While a desire to maintain Hebrew literature’s connection to traditional sources limited the aesthetic innovation of most American Hebrew writers, a number of them rank among the most important writers of the Rebirth period. This is attested to by the inclusion of Hillel Bavli, Israel Efros, and Ephraim Lisitzky’s poetry alongside that of eighteen other leading period poets in Benjamin Harshav’s highly regarded anthology of Rebirth period poetry. As Harshav explains in his introduction, literary standards change, and to best understand and appreciate Rebirth period poetry one must approach it on its own terms.

In his effort to explain American Hebrew writers’ unprecedented preoccupation with the ways of other minorities, as well as the American Hebrew center’s failure, Katz unfortunately loses sight of Harshav’s warning. Nowhere is this more evident than in his treatment of the work of Ephraim Lisitzky, whose poetry representing Native and African-American life, as well as American Jews’ relationship with Israel, makes him a central figure in Katz’s study and gains him the appellation “the most American Hebrew poet.” Born in 1885 and raised in the Byelorussian city of Slutzk, Lisitzky was a leading student of Talmud who developed a rich Hebrew vocabulary prior to immigrating to America to join his widowed father in 1900. Lisitzky soon wearied of a Jewish religious lifestyle and ceased his Talmudic studies. His turn to Hebrew poetry provided him with a modicum of stability as he struggled for self-definition on American soil. With his appointment as head of the New Orleans Jewish Communal School in 1918, Lisitzky cemented his identity as an educator working to transmit the culture and language with which he so strongly identified to a new generation of Jews. Nonetheless, Lisitzky continued to employ Hebrew poetry as an important form of self-expression that also allowed him to connect with other American Hebrew readers.

Familiarity with New Orleans’ large and vibrant African American community led Lisitzky to learn more about African American spirituals, gospel songs, sermons and history, and they inspired his collection B-‘oholay Kush (In the Tents of Kush), one of the most significant American Hebrew representations of African American life, and arguably Lisitzky’s best collection. Katz recognizes the collection’s fluid expression, which demonstrates a nuanced understanding of, and identification with, African-Americans, but he criticizes it for failing to emulate the vernacular style of African American spirituals and gospel songs. He refers to Lisitzky’s poems inspired by these forms as feeble imitations. While these and other poems might be considered poor imitations, Lisitzky didn’t aspire to imitate. As Katz correctly notes, “it is likely that by examining other marginalized groups in American culture, Hebrew writers found a means of indirectly writing about themselves.” While Lisitzky clearly empathized with African Americans in the American South who suffered under discriminatory Jim Crow policies, and desired to provide a mimetic representation of African American culture’s richness as part of a program for the advancement of civil rights, he aspired to do more with In the Tents of Kush.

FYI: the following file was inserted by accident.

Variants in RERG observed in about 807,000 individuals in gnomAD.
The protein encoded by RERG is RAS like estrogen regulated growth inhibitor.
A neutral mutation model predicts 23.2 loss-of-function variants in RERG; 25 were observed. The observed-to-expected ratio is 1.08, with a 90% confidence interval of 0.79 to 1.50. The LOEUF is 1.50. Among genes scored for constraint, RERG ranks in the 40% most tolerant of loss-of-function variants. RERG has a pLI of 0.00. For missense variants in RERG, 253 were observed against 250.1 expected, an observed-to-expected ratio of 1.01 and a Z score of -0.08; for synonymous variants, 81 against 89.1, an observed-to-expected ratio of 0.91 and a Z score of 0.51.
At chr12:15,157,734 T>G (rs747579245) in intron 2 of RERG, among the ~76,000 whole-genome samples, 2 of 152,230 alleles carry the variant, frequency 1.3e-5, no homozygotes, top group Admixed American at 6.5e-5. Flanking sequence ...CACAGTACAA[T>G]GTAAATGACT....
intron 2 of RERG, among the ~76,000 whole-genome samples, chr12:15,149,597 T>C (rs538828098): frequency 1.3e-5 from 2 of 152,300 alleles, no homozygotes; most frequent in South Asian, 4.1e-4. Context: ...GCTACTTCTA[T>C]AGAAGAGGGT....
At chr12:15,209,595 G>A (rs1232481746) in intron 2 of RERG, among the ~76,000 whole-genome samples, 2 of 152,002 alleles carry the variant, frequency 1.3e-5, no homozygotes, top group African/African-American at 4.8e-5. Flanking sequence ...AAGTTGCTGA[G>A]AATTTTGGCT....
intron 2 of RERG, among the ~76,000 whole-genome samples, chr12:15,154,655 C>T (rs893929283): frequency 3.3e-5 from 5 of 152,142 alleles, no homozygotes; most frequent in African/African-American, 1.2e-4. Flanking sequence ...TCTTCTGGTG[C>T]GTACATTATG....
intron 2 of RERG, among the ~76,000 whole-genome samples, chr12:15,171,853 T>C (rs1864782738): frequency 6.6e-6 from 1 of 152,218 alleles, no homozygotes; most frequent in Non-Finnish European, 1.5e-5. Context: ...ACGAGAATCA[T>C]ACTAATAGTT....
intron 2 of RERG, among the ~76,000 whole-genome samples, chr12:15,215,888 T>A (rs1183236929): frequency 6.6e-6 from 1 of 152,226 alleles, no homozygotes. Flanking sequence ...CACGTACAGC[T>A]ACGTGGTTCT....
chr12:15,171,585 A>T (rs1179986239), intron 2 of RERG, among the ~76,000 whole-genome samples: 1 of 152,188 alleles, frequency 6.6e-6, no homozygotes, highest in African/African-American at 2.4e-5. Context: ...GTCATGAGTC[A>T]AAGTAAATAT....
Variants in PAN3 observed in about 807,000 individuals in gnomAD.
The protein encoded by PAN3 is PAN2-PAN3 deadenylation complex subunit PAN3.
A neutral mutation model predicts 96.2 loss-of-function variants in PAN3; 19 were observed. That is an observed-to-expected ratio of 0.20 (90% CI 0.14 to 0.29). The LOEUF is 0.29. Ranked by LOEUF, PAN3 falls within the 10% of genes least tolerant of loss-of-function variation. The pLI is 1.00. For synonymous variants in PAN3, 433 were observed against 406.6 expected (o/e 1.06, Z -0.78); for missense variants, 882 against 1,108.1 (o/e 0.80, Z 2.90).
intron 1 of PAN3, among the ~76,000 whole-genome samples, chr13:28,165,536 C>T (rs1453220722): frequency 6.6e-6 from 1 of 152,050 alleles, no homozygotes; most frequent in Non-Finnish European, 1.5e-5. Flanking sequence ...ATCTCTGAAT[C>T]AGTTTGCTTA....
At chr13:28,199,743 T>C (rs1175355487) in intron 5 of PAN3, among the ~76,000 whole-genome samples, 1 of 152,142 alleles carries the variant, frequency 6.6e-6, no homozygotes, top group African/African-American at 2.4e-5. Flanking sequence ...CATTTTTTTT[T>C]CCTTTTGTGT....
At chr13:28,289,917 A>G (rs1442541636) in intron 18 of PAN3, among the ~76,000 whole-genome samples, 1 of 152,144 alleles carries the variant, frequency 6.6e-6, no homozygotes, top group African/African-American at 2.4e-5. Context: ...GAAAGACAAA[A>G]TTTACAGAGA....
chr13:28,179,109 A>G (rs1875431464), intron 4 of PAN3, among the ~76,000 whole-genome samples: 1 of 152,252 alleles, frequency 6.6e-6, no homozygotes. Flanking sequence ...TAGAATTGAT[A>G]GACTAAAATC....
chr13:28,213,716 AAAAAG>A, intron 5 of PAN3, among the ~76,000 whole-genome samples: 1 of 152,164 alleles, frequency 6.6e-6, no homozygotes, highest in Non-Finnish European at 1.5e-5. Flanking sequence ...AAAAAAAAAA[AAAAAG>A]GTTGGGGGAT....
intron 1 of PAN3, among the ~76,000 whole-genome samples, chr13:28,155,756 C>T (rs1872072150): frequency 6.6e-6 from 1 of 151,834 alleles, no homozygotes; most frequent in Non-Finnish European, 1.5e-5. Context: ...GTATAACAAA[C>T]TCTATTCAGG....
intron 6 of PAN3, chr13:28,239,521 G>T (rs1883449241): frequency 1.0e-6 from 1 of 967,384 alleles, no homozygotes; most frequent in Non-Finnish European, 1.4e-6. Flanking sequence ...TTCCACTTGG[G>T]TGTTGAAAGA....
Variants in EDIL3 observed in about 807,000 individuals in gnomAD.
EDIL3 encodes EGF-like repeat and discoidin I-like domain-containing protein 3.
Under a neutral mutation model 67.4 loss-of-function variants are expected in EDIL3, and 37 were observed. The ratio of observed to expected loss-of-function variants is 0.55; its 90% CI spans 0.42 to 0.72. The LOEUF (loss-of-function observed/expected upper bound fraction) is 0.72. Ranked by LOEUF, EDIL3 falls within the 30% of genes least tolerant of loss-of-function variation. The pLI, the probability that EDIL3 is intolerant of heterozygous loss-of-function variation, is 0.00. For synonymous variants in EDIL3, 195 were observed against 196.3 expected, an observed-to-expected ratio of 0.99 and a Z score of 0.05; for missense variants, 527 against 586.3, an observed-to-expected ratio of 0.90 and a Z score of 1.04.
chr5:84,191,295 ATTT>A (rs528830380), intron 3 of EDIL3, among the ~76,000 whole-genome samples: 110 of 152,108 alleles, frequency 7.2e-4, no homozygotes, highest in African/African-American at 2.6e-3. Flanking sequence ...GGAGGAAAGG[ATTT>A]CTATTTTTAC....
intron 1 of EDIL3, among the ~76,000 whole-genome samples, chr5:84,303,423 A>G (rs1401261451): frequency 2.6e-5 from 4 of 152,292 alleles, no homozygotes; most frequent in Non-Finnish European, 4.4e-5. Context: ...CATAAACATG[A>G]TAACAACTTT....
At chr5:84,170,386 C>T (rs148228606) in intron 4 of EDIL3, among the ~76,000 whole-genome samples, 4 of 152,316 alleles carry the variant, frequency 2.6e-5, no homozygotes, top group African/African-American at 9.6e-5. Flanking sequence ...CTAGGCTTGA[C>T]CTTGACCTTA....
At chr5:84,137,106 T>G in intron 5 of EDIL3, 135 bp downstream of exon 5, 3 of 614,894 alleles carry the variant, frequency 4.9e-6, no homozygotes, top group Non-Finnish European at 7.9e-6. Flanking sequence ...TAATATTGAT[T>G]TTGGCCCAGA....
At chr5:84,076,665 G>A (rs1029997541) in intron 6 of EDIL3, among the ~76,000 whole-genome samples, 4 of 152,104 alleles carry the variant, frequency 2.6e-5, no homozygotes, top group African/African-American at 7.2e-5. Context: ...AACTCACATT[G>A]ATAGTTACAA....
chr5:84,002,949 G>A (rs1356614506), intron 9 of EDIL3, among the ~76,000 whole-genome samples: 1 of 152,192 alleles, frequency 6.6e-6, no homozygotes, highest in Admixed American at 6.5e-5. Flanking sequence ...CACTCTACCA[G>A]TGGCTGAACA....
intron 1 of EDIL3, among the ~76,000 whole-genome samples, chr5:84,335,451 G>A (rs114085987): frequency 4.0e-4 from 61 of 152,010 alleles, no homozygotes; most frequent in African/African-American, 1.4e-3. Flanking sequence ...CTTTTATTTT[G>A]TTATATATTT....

Indeed, the collection fulfills a number of divergent goals simultaneously. In addition to presenting African American life and culture, the poems powerfully evoke the world of Jewish folkways and faith, demonstrate the ability of traditional Jewish culture to respond to contemporary social issues, and show how a source-rich Hebrew can be synthesized with non-Jewish literary forms to assist American Jews withstand the assimilatory pressure of American national culture. Lisitzky and many of his fellow Hebraists were forced to tear themselves from the embrace of Jewish faith with their emigration from the East European Jewish heartland and adoption of enlightened culture, and the acceptance of their decision’s validity did not make the pain of separation any less strong. By using a rich Hebrew style evoking Biblical and liturgical texts for his adaptations of African American gospel songs and spirituals, Lisitzky found a way to introduce a new culture to his readers while consoling them with a recognizable variant of the world they left behind.

In other poems, inspired by the African American sermon, Lisitzky shows the continuing vigor of the Jewish tradition and how he and his fellow Hebraists could use select elements from this tradition to find their way in contemporary America. In “Va-tdaber Miriam b-Moshe” (So Miriam Spoke to Moshe) a presumably African American preacher delivers a sermon based around a midrashic reading of the Biblical descriptions of Moses’ sister while offering a resounding condemnation of racism. In the imaginative world of the poem, the Christian preacher’s Hebrew linguistic skill and midrashic imagination make him an apostle for Judaism’s continuing resonance in contemporary America through participation in the Civil Rights Movement. Finally, the originality and sheer pleasure of poems like “Kuvyustus Yupiter hozer bi-tshuvah” (Jupiter the gambler repents), which reinterprets the Biblical story of Jacob’s struggle with the angel at the Jabbok river through real and folkloric elements of African American life, embody an attractive and vibrant alternative to American and Jewish national cultures that didn’t require American Jews to deny part of their identity.

While critics familiar with American Hebrew culture might find points of disagreement with Katz’s approach or his evaluation of specific literary works, even they can not be displeased with his work. Years of careful research have produced a volume that fills a significant lacuna in American Jewish self-understanding. Rather than constituting a foreign language or a language of oppression, Hebrew constitutes a rich patrimony for American Jews that was and can be mined for the expression of myriad identities. As the poetry of Robert Whitehill poignantly shows, American Hebrew literature need not cease to be written. Even if it does, however, it will continue to have value far into the future. American Hebrew literary works continue to have a pleasing beauty when read in accordance with their compositional standards. They also provide the opportunity for a richer understanding of 20th century American Jewish life and the contemporary possibilities for secular Judaism in America. Regardless of what ultimately attracts English language readers to American Hebrew culture, Katz’s study serves as a compelling introduction.